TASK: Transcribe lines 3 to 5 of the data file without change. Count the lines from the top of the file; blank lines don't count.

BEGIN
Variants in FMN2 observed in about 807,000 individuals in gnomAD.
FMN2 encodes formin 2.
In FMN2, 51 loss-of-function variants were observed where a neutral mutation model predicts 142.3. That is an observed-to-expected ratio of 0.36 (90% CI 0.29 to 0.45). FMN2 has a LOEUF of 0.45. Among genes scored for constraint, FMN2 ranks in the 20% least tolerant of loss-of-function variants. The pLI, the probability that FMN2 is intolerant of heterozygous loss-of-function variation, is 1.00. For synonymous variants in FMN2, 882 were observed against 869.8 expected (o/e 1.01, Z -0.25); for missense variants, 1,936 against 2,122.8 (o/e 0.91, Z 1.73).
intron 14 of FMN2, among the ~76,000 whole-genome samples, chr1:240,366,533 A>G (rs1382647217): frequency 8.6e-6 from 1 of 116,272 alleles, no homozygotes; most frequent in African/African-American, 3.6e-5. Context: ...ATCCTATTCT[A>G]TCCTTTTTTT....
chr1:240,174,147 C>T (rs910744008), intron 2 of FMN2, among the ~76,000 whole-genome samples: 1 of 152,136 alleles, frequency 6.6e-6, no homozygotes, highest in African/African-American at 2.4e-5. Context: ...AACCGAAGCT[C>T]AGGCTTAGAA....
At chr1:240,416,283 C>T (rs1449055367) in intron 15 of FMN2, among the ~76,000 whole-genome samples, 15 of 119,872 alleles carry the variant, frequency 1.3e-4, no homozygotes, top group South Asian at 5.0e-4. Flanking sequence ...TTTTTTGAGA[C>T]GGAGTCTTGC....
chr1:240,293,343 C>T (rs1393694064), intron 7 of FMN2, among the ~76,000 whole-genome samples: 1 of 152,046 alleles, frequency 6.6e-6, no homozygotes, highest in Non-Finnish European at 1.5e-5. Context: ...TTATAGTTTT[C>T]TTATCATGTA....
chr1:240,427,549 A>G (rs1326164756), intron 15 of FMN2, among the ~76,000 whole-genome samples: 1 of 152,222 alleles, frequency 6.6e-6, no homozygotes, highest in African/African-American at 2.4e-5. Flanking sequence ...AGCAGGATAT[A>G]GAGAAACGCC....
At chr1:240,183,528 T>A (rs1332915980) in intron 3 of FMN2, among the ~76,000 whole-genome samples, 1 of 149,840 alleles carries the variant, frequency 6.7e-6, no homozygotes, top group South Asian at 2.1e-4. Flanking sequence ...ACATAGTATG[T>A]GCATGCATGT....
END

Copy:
In FMN2, 51 loss-of-function variants were observed where a neutral mutation model predicts 142.3. That is an observed-to-expected ratio of 0.36 (90% CI 0.29 to 0.45). FMN2 has a LOEUF of 0.45. Among genes scored for constraint, FMN2 ranks in the 20% least tolerant of loss-of-function variants. The pLI, the probability that FMN2 is intolerant of heterozygous loss-of-function variation, is 1.00. For synonymous variants in FMN2, 882 were observed against 869.8 expected (o/e 1.01, Z -0.25); for missense variants, 1,936 against 2,122.8 (o/e 0.91, Z 1.73).
intron 14 of FMN2, among the ~76,000 whole-genome samples, chr1:240,366,533 A>G (rs1382647217): frequency 8.6e-6 from 1 of 116,272 alleles, no homozygotes; most frequent in African/African-American, 3.6e-5. Context: ...ATCCTATTCT[A>G]TCCTTTTTTT....
chr1:240,174,147 C>T (rs910744008), intron 2 of FMN2, among the ~76,000 whole-genome samples: 1 of 152,136 alleles, frequency 6.6e-6, no homozygotes, highest in African/African-American at 2.4e-5. Context: ...AACCGAAGCT[C>T]AGGCTTAGAA....